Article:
In this unit, you will learn the various surface mining
methods used to extract ore from near surface
After completing this unit, you should be able to:
• Understand the geological factors for surface mining
• Understand the engineering factors for surface mining
• Explain what a placer deposit is
•Understand the surface mining methods:
What is Surface Mining?
Surface mine A mine in which the ore lies near the
surface and can be extracted by removing
the covering layers of rock and soil.
Almost all surface mining operations are
exposed to the elements and require no
The history of surface mining is
essentially that of mining coal, copper,
and iron ores, and the nonmetallic
minerals - clays, gypsum, phosphate
rock, sand, gravel, and stone.
Changing public policy is exerting
strong pressure favouring a reduction
or elimination of surface mining; and,
since the economic differences between
surface and underground mining for the
remaining mineral resources is
narrowing, this increasing force may
become the deciding factor in
determining the future trend in surface
vs, underground mining.
Evaluation of Surface Deposits
The following outline lists the basic factors which must be taken
into account for evaluation of a prospective surface mine :
• Legal status of land and mining rights
• Historical, political, and socialogical factors
• Mining conditions
• Ore treatment requirements
• Economic analysis
Topography, a function of location, affects cost of
development and operation of a surface mine. Geographic
Location establishes the condition of remoteness from or
proximity to civilization and its developed facilities such
as transportation systems, power supply, labour pool,
manufacturing and supply services, and specialty repair
Legal Status of Land and Mineral Rights
Land and other necessary rights should be checked, such as water
use rights and the ability to acquire auxiliary land for plant site,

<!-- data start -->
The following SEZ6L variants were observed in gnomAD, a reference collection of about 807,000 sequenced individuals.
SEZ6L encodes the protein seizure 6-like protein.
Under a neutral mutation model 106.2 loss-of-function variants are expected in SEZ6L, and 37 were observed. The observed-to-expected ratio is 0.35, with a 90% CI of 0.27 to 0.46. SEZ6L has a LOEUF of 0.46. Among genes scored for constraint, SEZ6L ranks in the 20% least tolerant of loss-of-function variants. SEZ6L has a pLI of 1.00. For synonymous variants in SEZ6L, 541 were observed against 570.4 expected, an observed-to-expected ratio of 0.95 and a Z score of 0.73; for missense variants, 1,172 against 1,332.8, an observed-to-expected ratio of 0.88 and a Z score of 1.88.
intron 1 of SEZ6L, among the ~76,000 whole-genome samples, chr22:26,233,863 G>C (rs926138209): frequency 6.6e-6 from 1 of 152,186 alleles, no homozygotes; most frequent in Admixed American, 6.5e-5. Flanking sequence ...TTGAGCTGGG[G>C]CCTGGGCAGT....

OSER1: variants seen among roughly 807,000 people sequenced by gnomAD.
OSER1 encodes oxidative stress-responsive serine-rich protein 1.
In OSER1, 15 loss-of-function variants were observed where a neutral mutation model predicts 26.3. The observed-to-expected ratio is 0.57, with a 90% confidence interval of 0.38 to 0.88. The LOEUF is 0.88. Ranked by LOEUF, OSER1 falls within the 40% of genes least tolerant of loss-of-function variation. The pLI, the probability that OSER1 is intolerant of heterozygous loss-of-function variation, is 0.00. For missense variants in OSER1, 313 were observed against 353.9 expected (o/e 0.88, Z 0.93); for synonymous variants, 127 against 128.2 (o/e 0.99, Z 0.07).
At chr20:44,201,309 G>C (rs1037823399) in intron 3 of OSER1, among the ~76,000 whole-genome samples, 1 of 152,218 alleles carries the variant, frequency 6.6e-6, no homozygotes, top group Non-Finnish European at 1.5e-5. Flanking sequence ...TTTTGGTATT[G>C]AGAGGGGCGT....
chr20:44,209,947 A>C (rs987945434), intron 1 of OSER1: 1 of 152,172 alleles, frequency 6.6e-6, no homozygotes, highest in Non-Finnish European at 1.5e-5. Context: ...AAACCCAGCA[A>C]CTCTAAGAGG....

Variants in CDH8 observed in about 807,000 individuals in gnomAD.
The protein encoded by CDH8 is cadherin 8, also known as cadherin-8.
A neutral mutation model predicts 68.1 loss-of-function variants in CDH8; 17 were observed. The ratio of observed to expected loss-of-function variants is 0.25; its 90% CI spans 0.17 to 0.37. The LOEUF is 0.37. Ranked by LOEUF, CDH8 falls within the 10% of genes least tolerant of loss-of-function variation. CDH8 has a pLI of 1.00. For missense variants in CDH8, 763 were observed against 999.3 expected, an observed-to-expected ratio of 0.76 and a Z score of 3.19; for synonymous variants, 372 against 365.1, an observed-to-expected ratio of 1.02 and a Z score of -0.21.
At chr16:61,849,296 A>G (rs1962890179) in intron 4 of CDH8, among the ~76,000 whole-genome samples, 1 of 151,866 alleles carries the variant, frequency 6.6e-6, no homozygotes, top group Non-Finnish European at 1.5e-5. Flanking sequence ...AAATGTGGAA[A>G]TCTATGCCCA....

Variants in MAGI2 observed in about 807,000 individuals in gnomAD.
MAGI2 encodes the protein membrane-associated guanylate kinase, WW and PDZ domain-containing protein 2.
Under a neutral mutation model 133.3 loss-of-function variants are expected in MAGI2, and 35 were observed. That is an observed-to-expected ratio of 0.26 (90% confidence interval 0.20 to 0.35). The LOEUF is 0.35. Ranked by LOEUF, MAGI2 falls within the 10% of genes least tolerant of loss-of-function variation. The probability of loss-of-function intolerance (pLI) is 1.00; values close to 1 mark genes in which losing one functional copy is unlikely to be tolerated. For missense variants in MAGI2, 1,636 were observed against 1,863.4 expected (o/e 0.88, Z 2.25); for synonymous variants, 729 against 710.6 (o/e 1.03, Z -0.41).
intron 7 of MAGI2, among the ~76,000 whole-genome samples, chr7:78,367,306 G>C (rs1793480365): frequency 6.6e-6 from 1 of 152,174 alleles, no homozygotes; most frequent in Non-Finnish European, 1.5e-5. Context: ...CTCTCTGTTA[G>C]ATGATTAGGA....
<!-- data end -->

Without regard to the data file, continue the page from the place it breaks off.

roads, tailings disposal ground etc.
Historical, Political and Sociological Factors
It is important to determine the extent and nature of national and
local laws and regulations in regard to conservation, water use,
water and air pollution, tailings disposal, reclaimation, handling of
explosives, taxes, royalities, import duties, mining safety and health
codes, wage and labour conditions, pension requirements, and
Geological evaluation may
include wide-spaced drilling,
drill-sample logging, testing
and processing, plotting of the
data on maps and crosssections, preparation of
specialized interpretive maps,
calculation of reserves by
grades, calculation of stripping
studies, and economic
The geometry of an ore body and the
topography of the land surface
beneath which the ore body exists
will affect the kind and cost of a
surface mine. The depth and
character of overlying rock and the
physical characteristics of the wall
rock also affect the configuration
and cost of a surface mine.
Ore Treatment Requirements
Almost every potential surface mine
must consider some phase of
product upgrading (benefication).
This may vary from a simple
crushing and sizing operation to a
complex operation including
multiple stages of size reduction,
concentration and agglomeration.
In many cases, pilot-scale testing is
In the broadest sense, economic analysis for a surface